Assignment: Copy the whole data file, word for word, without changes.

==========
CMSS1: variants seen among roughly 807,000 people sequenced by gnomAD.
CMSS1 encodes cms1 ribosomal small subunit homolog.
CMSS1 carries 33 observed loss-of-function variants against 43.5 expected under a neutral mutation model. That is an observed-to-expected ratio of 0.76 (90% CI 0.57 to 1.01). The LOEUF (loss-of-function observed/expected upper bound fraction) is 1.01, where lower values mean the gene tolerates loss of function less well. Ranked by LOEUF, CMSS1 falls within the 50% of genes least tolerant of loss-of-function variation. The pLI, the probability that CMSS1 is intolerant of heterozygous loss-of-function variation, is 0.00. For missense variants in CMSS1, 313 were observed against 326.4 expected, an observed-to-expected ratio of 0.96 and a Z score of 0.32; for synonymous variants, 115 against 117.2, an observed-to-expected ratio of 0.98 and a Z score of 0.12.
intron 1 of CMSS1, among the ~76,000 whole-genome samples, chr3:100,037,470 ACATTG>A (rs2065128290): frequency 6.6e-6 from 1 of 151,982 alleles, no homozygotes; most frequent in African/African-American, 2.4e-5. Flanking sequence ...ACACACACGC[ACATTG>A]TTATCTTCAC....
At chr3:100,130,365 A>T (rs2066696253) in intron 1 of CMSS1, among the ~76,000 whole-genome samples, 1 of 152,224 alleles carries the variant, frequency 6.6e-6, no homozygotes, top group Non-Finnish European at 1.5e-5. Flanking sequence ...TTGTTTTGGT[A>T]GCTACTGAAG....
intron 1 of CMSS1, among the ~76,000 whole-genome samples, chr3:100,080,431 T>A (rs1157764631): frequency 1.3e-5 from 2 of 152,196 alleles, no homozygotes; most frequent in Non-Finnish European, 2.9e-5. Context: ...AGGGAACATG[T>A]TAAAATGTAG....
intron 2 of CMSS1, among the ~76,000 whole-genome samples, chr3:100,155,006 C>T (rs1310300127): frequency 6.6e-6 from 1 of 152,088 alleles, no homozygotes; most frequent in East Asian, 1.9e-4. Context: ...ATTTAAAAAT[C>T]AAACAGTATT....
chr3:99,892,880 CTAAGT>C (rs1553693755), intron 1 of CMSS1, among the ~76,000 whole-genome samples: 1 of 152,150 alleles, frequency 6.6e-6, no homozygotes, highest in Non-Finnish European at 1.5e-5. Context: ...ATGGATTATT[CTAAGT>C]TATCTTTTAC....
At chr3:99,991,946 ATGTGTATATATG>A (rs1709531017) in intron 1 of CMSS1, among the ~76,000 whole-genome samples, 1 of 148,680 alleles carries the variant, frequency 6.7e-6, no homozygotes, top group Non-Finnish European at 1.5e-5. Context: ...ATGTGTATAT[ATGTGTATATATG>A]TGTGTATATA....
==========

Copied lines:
CMSS1: variants seen among roughly 807,000 people sequenced by gnomAD.
CMSS1 encodes cms1 ribosomal small subunit homolog.
CMSS1 carries 33 observed loss-of-function variants against 43.5 expected under a neutral mutation model. That is an observed-to-expected ratio of 0.76 (90% CI 0.57 to 1.01). The LOEUF (loss-of-function observed/expected upper bound fraction) is 1.01, where lower values mean the gene tolerates loss of function less well. Ranked by LOEUF, CMSS1 falls within the 50% of genes least tolerant of loss-of-function variation. The pLI, the probability that CMSS1 is intolerant of heterozygous loss-of-function variation, is 0.00. For missense variants in CMSS1, 313 were observed against 326.4 expected, an observed-to-expected ratio of 0.96 and a Z score of 0.32; for synonymous variants, 115 against 117.2, an observed-to-expected ratio of 0.98 and a Z score of 0.12.
intron 1 of CMSS1, among the ~76,000 whole-genome samples, chr3:100,037,470 ACATTG>A (rs2065128290): frequency 6.6e-6 from 1 of 151,982 alleles, no homozygotes; most frequent in African/African-American, 2.4e-5. Flanking sequence ...ACACACACGC[ACATTG>A]TTATCTTCAC....
At chr3:100,130,365 A>T (rs2066696253) in intron 1 of CMSS1, among the ~76,000 whole-genome samples, 1 of 152,224 alleles carries the variant, frequency 6.6e-6, no homozygotes, top group Non-Finnish European at 1.5e-5. Flanking sequence ...TTGTTTTGGT[A>T]GCTACTGAAG....
intron 1 of CMSS1, among the ~76,000 whole-genome samples, chr3:100,080,431 T>A (rs1157764631): frequency 1.3e-5 from 2 of 152,196 alleles, no homozygotes; most frequent in Non-Finnish European, 2.9e-5. Context: ...AGGGAACATG[T>A]TAAAATGTAG....
intron 2 of CMSS1, among the ~76,000 whole-genome samples, chr3:100,155,006 C>T (rs1310300127): frequency 6.6e-6 from 1 of 152,088 alleles, no homozygotes; most frequent in East Asian, 1.9e-4. Context: ...ATTTAAAAAT[C>T]AAACAGTATT....
chr3:99,892,880 CTAAGT>C (rs1553693755), intron 1 of CMSS1, among the ~76,000 whole-genome samples: 1 of 152,150 alleles, frequency 6.6e-6, no homozygotes, highest in Non-Finnish European at 1.5e-5. Context: ...ATGGATTATT[CTAAGT>C]TATCTTTTAC....
At chr3:99,991,946 ATGTGTATATATG>A (rs1709531017) in intron 1 of CMSS1, among the ~76,000 whole-genome samples, 1 of 148,680 alleles carries the variant, frequency 6.7e-6, no homozygotes, top group Non-Finnish European at 1.5e-5. Context: ...ATGTGTATAT[ATGTGTATATATG>A]TGTGTATATA....